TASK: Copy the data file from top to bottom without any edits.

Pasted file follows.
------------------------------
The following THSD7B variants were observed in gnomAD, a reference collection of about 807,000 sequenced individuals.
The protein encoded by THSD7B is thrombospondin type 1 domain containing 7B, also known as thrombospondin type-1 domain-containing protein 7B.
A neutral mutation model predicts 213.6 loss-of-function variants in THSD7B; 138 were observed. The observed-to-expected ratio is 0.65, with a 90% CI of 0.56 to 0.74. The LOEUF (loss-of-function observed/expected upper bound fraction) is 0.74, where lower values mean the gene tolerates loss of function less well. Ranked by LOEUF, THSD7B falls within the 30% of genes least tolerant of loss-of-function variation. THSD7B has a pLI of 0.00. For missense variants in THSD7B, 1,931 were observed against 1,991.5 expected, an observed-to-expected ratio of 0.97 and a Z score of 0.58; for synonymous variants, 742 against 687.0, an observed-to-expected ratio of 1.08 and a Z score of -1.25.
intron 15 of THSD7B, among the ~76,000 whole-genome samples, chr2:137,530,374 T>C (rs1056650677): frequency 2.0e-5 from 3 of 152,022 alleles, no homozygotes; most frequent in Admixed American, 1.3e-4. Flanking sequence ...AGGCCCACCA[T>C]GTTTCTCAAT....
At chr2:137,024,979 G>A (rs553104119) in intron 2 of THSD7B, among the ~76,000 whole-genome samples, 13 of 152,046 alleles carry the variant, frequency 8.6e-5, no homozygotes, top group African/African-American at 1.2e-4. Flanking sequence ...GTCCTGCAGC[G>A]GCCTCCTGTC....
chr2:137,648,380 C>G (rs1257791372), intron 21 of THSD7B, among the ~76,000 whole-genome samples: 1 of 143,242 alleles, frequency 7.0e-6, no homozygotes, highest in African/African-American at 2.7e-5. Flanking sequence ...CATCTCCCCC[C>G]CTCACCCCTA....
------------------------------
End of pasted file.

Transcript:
The following THSD7B variants were observed in gnomAD, a reference collection of about 807,000 sequenced individuals.
The protein encoded by THSD7B is thrombospondin type 1 domain containing 7B, also known as thrombospondin type-1 domain-containing protein 7B.
A neutral mutation model predicts 213.6 loss-of-function variants in THSD7B; 138 were observed. The observed-to-expected ratio is 0.65, with a 90% CI of 0.56 to 0.74. The LOEUF (loss-of-function observed/expected upper bound fraction) is 0.74, where lower values mean the gene tolerates loss of function less well. Ranked by LOEUF, THSD7B falls within the 30% of genes least tolerant of loss-of-function variation. THSD7B has a pLI of 0.00. For missense variants in THSD7B, 1,931 were observed against 1,991.5 expected, an observed-to-expected ratio of 0.97 and a Z score of 0.58; for synonymous variants, 742 against 687.0, an observed-to-expected ratio of 1.08 and a Z score of -1.25.
intron 15 of THSD7B, among the ~76,000 whole-genome samples, chr2:137,530,374 T>C (rs1056650677): frequency 2.0e-5 from 3 of 152,022 alleles, no homozygotes; most frequent in Admixed American, 1.3e-4. Flanking sequence ...AGGCCCACCA[T>C]GTTTCTCAAT....
At chr2:137,024,979 G>A (rs553104119) in intron 2 of THSD7B, among the ~76,000 whole-genome samples, 13 of 152,046 alleles carry the variant, frequency 8.6e-5, no homozygotes, top group African/African-American at 1.2e-4. Flanking sequence ...GTCCTGCAGC[G>A]GCCTCCTGTC....
chr2:137,648,380 C>G (rs1257791372), intron 21 of THSD7B, among the ~76,000 whole-genome samples: 1 of 143,242 alleles, frequency 7.0e-6, no homozygotes, highest in African/African-American at 2.7e-5. Flanking sequence ...CATCTCCCCC[C>G]CTCACCCCTA....